ElectroBlu is the new Blue

The double-sided melamine blade from Amana Tool, and sold through Toolstoday.com

It is seriously…..blue

Amana Tool Melamine Blade

Quite a stunning looking blade, but we will get to its looks later.  Function is much more important than looks!  Good thing this blade has both 🙂

The blade is an 80 tooth, 10″ (250mm), with a 5/8″ bore.  That is what suits my saw, they also have 30mm bore, and sizes from 200 – 400mm diameter.

It has 4 straight expansion slots to minimise heat distortion, with copper plugs.  The copper plugs are used as a vibration absorption, and to block up the holes at the end of the expansion slots – both of which in turn decreases operational noise.  The holes themselves are used as a crack-arrestor as they reduce the stress at the end of each slot.

The straighter the blade, (in how it is manufactured, in how accurate the teeth are ground, and the less warping/distortion caused by heat), the better the cut.  This combined with a tooth profile especially designed for melamine results is a remarkable cut.

Clean cut

The edge, on both sides of the melamine, is as clean in closeup as it appears in the above-photo.  It is a beautiful cut, and that aptly demonstrates the quality of the blade.  Getting this sort of result on both the top and underside of the cut is remarkable, and takes a special blade to achieve this.

Crosscut Pine

The blade is also very good for crosscutting, whether that be soft or hardwood.  The finish is near shiny, and showed negligible to no breakout of fibres at the back of the cut.

Crosscut Hardwood

Ripping was harder – being an 80 tooth blade there is only a small gullet between teeth, and where that is fine for crosscutting, is insufficient for clearing waste and the long fibres created during a rip cut.  It is still achievable, but you have to cut slow (risking burning the timber, overheating and distortion in the blade).  Even so, a shiny cut was the result!  Good enough to go straight to a finish, or one final light sand.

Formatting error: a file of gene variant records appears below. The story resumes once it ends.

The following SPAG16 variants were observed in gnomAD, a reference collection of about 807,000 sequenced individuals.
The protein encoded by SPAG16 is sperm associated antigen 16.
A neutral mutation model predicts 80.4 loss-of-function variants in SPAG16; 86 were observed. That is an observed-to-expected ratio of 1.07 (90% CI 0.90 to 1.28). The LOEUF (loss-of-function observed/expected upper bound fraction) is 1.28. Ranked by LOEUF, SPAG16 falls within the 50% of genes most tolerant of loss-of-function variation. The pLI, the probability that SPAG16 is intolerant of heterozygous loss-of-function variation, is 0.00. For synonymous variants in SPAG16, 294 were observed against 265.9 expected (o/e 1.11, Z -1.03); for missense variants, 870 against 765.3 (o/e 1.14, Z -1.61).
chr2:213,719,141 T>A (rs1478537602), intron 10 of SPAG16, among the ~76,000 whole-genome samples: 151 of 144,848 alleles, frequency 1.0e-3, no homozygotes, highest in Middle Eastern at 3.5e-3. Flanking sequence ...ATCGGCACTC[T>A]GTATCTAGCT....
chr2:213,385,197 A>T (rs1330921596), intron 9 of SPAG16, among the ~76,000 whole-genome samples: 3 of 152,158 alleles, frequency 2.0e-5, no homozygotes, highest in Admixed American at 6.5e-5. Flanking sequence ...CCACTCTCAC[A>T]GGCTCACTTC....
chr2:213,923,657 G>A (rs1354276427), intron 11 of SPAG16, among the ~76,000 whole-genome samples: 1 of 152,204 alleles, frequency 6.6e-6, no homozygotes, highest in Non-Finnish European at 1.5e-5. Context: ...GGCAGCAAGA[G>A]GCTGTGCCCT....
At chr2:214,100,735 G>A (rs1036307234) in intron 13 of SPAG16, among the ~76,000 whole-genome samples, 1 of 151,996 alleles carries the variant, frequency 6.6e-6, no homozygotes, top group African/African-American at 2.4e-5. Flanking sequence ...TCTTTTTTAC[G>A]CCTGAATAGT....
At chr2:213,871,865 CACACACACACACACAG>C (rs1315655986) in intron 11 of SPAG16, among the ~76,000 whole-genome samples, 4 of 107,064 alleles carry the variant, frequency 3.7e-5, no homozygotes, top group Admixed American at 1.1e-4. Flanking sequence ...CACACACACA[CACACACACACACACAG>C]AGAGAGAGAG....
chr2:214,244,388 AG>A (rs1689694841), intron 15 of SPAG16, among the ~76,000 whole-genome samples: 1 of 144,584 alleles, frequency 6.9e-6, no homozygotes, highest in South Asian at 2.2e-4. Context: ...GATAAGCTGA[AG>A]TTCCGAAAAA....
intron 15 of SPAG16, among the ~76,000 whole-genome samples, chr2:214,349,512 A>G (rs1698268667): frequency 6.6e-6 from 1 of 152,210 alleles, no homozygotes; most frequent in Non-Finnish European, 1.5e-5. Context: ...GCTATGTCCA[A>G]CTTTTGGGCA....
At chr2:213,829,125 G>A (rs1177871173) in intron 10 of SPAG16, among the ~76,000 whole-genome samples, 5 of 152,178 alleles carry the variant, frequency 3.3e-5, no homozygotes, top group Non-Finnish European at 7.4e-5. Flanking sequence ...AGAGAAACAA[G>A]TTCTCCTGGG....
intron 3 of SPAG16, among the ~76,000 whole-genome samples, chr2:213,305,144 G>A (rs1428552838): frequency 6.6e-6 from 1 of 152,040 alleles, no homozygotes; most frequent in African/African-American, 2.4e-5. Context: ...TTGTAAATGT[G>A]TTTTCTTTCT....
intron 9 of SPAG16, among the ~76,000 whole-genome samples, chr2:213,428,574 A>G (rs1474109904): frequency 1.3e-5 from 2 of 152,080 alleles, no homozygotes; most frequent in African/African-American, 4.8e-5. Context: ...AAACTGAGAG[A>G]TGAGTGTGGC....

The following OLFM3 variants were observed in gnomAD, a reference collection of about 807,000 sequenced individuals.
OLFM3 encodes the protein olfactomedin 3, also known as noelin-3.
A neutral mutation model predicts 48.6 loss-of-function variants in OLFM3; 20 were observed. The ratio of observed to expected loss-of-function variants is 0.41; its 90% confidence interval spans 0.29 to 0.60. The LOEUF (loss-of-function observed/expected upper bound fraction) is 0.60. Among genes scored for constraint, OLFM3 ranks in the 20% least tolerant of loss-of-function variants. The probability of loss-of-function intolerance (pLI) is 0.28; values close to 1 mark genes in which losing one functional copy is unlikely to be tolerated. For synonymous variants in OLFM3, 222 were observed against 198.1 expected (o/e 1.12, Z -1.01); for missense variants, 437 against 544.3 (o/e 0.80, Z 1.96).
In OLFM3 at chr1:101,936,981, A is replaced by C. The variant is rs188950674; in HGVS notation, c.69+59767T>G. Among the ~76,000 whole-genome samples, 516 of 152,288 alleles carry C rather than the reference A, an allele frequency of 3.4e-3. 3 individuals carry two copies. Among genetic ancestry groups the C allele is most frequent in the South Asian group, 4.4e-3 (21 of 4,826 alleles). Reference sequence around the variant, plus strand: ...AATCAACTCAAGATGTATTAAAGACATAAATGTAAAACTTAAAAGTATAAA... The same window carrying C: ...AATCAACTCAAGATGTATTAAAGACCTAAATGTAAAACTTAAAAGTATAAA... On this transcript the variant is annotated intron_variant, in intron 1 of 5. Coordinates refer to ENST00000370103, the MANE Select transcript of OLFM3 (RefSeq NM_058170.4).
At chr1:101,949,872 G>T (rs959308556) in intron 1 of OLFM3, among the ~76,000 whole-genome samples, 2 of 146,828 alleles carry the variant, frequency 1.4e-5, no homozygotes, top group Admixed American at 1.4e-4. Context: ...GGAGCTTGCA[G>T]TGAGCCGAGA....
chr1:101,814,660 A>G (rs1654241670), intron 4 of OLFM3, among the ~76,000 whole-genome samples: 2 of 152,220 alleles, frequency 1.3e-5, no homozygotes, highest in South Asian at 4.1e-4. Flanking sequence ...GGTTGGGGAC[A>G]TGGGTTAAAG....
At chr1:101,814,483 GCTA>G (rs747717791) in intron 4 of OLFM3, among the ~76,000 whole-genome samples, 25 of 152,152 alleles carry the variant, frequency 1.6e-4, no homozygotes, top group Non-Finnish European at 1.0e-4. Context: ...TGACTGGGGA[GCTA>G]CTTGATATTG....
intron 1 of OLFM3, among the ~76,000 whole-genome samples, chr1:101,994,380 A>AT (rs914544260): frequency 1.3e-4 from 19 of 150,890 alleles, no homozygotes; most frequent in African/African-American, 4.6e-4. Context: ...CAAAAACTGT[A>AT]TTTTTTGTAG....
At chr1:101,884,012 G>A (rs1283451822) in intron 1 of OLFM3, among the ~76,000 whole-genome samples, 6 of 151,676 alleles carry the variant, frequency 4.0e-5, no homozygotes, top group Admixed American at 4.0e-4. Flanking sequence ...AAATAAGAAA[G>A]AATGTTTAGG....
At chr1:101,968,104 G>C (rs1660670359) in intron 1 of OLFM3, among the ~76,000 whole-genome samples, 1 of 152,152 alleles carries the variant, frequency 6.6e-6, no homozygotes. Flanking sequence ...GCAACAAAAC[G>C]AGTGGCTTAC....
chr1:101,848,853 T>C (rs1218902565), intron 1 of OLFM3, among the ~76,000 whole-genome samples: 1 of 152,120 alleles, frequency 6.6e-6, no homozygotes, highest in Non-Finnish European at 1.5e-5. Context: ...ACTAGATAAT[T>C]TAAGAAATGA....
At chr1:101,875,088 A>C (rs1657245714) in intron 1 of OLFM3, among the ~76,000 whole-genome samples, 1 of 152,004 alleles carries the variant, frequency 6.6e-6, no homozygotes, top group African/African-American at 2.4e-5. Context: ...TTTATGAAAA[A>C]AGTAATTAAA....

Hardwood Rip

But why is it blue?
The blade is finished with a new process, called electro-bluing. It is a smooth coating for the blade, replacing the teflon-like finishes of other blades.  It has only been available since September 2012!  This micron-thin coating is claimed to reduce heat buildup, and the accumulation of resin.  The coating includes the teeth of the blade.  It will be very interesting to see how durable the coating is!

It is also promoted as being an environmentally friendly coating.  If that is a feature you need, this blade (and this coating) offers that, which differs from many other, more traditional coatings.
So this is the MB10800.  A double-sided melamine blade which really cuts the mustard! From Toolstoday.com

5 Responses

  1. Stu they look like a good bit of gear, I note they have three types of grind -6, -2 and zero, what difference would there between the three, how would that affect the cut?


  2. Yeah, melamine blades are much better for cross-cutting than ripping. They’re typically exceptional for sheet goods, but they’re also worth using with a cross-cut sled on the table saw, or on a miter saw.

    I’ve been using a CMT miter blade for that kind of work… CMT blades are the only brand I’ve used that I’ve seen survive a sawstop cartridge going off. A couple of teeth were bent, but the carbide was fine. Truly remarkable.

    Hadn’t looked into this particular blade. Might be worth checking out.

  3. Stu,

    That’s a very impressive performance!

  4. I had a look at toolstoday today trying to source a good combination blade, I didn’t see any blue ones. Do they only make the melamine ones in blue? maybe I’m just blind, all i found is more reviews but no links to websites actually selling them. A good review Stu, thanks, now I want one. I better get back to work now though, wasted an hour looking for a blade..

    • It is a new coating they have started applying to items in their range. The melamine is one that was converted early, and I will be reviewing a dado set shortly which is similarly coated.

      The website has not caught up with the latest development.

Leave a Reply

Fill in your details below or click an icon to log in:

WordPress.com Logo

You are commenting using your WordPress.com account. Log Out /  Change )

Facebook photo

You are commenting using your Facebook account. Log Out /  Change )

Connecting to %s

%d bloggers like this: